- The international head office is based in Wiesbaden, Germany. Positive psychotherapy is represented internationally by the World Association of Positive and Transcultural Psychotherapy (WAPP). This international governing board of directors is elected every three years. There are national and regional associations in some ten countries.
- PPT and its therapists have been engaged in the international development of psychotherapy, and are active members of international and continental associations
The founder of positive psychotherapy, Nossrat Peseschkian (1933–2010), was an Iranian-born German certified psychiatrist, neurologist and psychotherapist. He was inspired in the late 1960s and early 1970s by different sources, persons and developments:
- The spirit of that time, which brought into existence humanistic psychology and its further developments.
- Personal encounters with prominent psychotherapists and psychiatrists, such as Viktor Frankl, Jacob L. Moreno, Heinrich Meng and others.
- By the humanistic teachings and virtues of the Bahá'í Faith.
- By looking for an integrative method, specially because of problems between psychoanalysts and behaviour therapists at that time
- Based on transcultural observations in over 20 cultures, and searching for an integrative method which is cultural-sensitive
The term 'positive'
The method was called "differentiational analysis" until 1977. In 1977, Nossrat Peseschkian published the book "Positive Psychotherapie", which was later published in English as "Positive Psychotherapy" in 1987. The term "positive" is derived from the original Latin expression "positum or positivus" which means the actual, the real, the concrete. The aim of positive psychotherapy and positive psychotherapists is to help the patients and clients to see also their abilities, strengths, resources and potentials.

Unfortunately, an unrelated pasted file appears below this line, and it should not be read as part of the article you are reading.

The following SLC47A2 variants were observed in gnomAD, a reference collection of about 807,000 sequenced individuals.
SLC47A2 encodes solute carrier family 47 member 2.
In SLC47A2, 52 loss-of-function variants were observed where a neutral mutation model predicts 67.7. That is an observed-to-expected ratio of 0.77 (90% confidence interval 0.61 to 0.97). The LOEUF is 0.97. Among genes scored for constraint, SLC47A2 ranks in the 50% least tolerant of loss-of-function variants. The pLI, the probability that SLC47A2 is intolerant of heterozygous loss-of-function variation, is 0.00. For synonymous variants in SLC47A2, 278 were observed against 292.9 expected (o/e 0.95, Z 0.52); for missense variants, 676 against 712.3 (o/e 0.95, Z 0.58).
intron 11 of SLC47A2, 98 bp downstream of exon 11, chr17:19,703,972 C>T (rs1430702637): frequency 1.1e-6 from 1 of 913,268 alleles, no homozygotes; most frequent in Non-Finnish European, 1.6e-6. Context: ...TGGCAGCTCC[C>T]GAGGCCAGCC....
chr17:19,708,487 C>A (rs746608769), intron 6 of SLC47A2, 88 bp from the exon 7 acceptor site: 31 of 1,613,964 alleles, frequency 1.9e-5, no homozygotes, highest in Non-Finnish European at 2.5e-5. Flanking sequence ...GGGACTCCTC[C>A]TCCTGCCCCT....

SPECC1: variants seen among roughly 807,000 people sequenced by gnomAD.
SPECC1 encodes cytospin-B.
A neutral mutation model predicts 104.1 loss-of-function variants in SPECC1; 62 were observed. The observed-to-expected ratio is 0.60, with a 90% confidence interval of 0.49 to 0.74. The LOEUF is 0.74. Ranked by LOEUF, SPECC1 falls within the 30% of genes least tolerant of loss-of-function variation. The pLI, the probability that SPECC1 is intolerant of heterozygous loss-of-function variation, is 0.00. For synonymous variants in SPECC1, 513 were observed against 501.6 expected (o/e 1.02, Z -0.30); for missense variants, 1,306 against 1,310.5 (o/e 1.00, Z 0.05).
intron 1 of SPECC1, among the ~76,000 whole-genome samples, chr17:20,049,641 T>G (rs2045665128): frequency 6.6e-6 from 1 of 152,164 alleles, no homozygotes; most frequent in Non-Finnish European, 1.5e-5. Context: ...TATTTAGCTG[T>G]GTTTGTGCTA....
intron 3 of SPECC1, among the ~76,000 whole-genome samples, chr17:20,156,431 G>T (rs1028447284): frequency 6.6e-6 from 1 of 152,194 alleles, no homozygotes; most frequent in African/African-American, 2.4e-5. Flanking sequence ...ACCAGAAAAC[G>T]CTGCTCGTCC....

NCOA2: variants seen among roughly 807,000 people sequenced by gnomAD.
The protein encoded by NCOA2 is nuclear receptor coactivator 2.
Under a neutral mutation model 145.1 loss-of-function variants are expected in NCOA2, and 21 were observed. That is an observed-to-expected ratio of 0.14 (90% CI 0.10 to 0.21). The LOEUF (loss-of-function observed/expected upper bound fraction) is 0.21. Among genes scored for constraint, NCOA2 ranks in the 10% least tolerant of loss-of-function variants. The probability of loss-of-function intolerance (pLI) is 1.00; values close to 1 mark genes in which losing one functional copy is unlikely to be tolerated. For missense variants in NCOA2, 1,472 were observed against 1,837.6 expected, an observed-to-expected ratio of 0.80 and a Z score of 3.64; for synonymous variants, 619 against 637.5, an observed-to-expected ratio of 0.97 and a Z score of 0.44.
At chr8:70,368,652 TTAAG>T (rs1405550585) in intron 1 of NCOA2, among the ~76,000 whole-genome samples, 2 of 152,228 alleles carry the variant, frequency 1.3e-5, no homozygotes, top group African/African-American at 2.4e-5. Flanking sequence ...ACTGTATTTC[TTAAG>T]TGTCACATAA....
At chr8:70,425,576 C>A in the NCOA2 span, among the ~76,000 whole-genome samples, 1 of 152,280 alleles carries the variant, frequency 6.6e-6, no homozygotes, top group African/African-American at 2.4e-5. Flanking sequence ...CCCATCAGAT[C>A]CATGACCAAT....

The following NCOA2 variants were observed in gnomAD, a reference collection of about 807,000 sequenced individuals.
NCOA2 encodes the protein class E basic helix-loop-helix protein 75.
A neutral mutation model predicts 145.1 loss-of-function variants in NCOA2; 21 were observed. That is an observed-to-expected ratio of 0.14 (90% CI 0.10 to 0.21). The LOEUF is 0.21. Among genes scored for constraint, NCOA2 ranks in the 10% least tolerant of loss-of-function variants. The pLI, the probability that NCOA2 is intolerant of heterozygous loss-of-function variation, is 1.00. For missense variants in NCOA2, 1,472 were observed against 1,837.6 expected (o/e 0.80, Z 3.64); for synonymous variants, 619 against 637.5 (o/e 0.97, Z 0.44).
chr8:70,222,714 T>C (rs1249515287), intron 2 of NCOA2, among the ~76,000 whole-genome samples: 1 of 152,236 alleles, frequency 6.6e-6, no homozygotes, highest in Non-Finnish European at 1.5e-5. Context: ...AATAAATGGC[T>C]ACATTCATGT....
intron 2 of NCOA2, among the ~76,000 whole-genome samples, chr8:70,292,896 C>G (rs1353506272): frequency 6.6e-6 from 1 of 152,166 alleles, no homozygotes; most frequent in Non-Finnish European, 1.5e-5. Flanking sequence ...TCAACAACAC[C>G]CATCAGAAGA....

- Integrative psychotherapy method
- Humanistic Psychodynamic Method
- Cohesive, integrated therapeutic system
- Conflict-centered short-term method
- Cultural-sensitive method
- Use of stories, anecdotes and wisdoms
- Innovative interventions and techniques
- Application in psychotherapy, other medical disciplines, counselling, education, prevention, management and trainings
The three main principles or pillars of positive psychotherapy are:
- The Principle of Hope
- The Principle of Balance
- The Principle of Consultation
The Principle of Hope implies that the therapist wants to assist their patients to understand and see the meaning und purpose of their disorder or conflict. Accordingly, the disorder will be reinterpreted in a "positive" way (positive interpretations):
- Sleep disturbance is the ability to be watchful and get by with little sleep
- Depression is the ability to react with deepest emotionality to conflicts
- Schizophrenia is the ability to live in two worlds at the same time or living in a fantasy world